A Caymanian businessman accused of attempting to set up a money laundering scheme to cover up profits from the planned sale of cocaine in Puerto Rico has received a six-week extension to work out a plea agreement with U.S. federal authorities.
According to records filed in U.S. district court in Puerto Rico, a judge extended the time line for plea negotiations in Bryce Merren’s case until Sept. 19 with corresponding motions due by Sept. 29.
If no agreement can be reached, a trial date has been scheduled in San Juan, Puerto Rico, for Oct. 10.
Merren is charged with conspiracy to distribute narcotics and intent to sell, distribute or dispense cocaine under U.S. federal criminal law. He also faces an additional count of money laundering of monetary instruments.
Merren’s attorney has made no secret of the fact that a plea agreement would be her preferred course of action in the case.
“Certainly this attorney can categorically state we will not recommend trial to this client based on the weight of the evidence, amongst other reasons,” read a motion seeking the trial delay filed by attorney Jennie Mariel Espada in U.S. federal court. “At this point, we believe he will not exercise his right to trial.”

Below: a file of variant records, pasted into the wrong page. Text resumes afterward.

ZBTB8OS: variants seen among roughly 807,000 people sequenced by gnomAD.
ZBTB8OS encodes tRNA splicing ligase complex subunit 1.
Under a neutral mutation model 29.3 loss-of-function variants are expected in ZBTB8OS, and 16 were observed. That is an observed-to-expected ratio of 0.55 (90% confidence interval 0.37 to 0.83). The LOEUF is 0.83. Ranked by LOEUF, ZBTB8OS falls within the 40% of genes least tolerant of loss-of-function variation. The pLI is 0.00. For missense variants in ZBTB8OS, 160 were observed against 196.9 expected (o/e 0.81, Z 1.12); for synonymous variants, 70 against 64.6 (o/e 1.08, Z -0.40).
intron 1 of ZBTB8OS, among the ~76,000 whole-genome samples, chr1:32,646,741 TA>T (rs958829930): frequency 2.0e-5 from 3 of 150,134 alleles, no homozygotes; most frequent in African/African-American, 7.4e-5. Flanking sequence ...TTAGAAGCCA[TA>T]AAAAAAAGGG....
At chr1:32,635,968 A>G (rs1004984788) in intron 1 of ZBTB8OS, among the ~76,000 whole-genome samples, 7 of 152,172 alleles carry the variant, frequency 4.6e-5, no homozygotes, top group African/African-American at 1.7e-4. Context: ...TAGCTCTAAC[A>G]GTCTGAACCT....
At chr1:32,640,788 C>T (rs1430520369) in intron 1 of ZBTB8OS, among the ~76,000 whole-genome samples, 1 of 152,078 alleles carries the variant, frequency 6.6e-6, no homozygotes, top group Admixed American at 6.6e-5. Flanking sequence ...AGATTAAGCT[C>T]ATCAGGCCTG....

Ms. Espada said her office is arranging to meet with Merren at the federal prison in Atlanta, Georgia, to discuss “the benefits of entering a plea in this case and avoid the risk of trial.” Merren was moved to the U.S. mainland in June from the federal jail in Puerto Rico for unspecified reasons. It is still up to Merren to decide whether he will waive his constitutionally-guaranteed right to trial.
According to publicly available court records in the U.S., a probable cause affidavit filed by Homeland Security Special Agent Harry Schmidt alleges that Merren met at different times with two undercover federal agents who posed as accomplices in setting up a drug smuggling operation in Puerto Rico. The records allege that Merren intended to use certain business interests in the Cayman Islands and the southern Caribbean island of Curacao to help launder the money.
Agent Schmidt’s probable cause affidavit states that U.S. federal investigators in San Juan, Puerto Rico, received confidential information in July 2013 that Merren was “seeking to purchase approximately 3,000 kilograms of cocaine and establish a U.S. bank account in order to deposit drug proceeds and make an initial payment for the transportation of narcotics.”